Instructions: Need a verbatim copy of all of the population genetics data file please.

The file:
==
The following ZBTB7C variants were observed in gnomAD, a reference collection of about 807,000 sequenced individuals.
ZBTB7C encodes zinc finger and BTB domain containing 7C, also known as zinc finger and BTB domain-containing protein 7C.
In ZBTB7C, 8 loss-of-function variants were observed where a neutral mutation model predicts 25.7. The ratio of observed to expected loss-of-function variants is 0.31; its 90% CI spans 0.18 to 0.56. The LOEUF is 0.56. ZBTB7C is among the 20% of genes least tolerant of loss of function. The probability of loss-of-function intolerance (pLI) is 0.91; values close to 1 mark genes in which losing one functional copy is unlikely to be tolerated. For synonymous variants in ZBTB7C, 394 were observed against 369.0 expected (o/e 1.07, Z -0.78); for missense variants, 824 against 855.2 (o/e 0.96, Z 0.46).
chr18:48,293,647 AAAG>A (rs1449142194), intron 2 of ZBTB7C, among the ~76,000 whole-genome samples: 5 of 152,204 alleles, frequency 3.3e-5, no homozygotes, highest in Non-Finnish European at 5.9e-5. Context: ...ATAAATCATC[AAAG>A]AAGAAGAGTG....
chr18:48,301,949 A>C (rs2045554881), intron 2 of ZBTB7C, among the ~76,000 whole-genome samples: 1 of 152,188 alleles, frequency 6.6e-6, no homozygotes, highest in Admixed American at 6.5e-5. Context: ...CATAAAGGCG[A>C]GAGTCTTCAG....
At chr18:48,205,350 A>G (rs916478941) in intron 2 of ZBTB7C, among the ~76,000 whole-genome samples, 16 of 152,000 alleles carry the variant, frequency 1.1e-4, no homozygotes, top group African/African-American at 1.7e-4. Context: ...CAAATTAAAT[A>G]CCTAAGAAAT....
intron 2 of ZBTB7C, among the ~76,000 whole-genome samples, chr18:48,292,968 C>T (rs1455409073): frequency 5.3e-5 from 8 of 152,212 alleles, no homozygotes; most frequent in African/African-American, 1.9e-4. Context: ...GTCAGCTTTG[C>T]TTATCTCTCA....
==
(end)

The following ZBTB7C variants were observed in gnomAD, a reference collection of about 807,000 sequenced individuals.
ZBTB7C encodes zinc finger and BTB domain containing 7C, also known as zinc finger and BTB domain-containing protein 7C.
In ZBTB7C, 8 loss-of-function variants were observed where a neutral mutation model predicts 25.7. The ratio of observed to expected loss-of-function variants is 0.31; its 90% CI spans 0.18 to 0.56. The LOEUF is 0.56. ZBTB7C is among the 20% of genes least tolerant of loss of function. The probability of loss-of-function intolerance (pLI) is 0.91; values close to 1 mark genes in which losing one functional copy is unlikely to be tolerated. For synonymous variants in ZBTB7C, 394 were observed against 369.0 expected (o/e 1.07, Z -0.78); for missense variants, 824 against 855.2 (o/e 0.96, Z 0.46).
chr18:48,293,647 AAAG>A (rs1449142194), intron 2 of ZBTB7C, among the ~76,000 whole-genome samples: 5 of 152,204 alleles, frequency 3.3e-5, no homozygotes, highest in Non-Finnish European at 5.9e-5. Context: ...ATAAATCATC[AAAG>A]AAGAAGAGTG....
chr18:48,301,949 A>C (rs2045554881), intron 2 of ZBTB7C, among the ~76,000 whole-genome samples: 1 of 152,188 alleles, frequency 6.6e-6, no homozygotes, highest in Admixed American at 6.5e-5. Context: ...CATAAAGGCG[A>C]GAGTCTTCAG....
At chr18:48,205,350 A>G (rs916478941) in intron 2 of ZBTB7C, among the ~76,000 whole-genome samples, 16 of 152,000 alleles carry the variant, frequency 1.1e-4, no homozygotes, top group African/African-American at 1.7e-4. Context: ...CAAATTAAAT[A>G]CCTAAGAAAT....
intron 2 of ZBTB7C, among the ~76,000 whole-genome samples, chr18:48,292,968 C>T (rs1455409073): frequency 5.3e-5 from 8 of 152,212 alleles, no homozygotes; most frequent in African/African-American, 1.9e-4. Context: ...GTCAGCTTTG[C>T]TTATCTCTCA....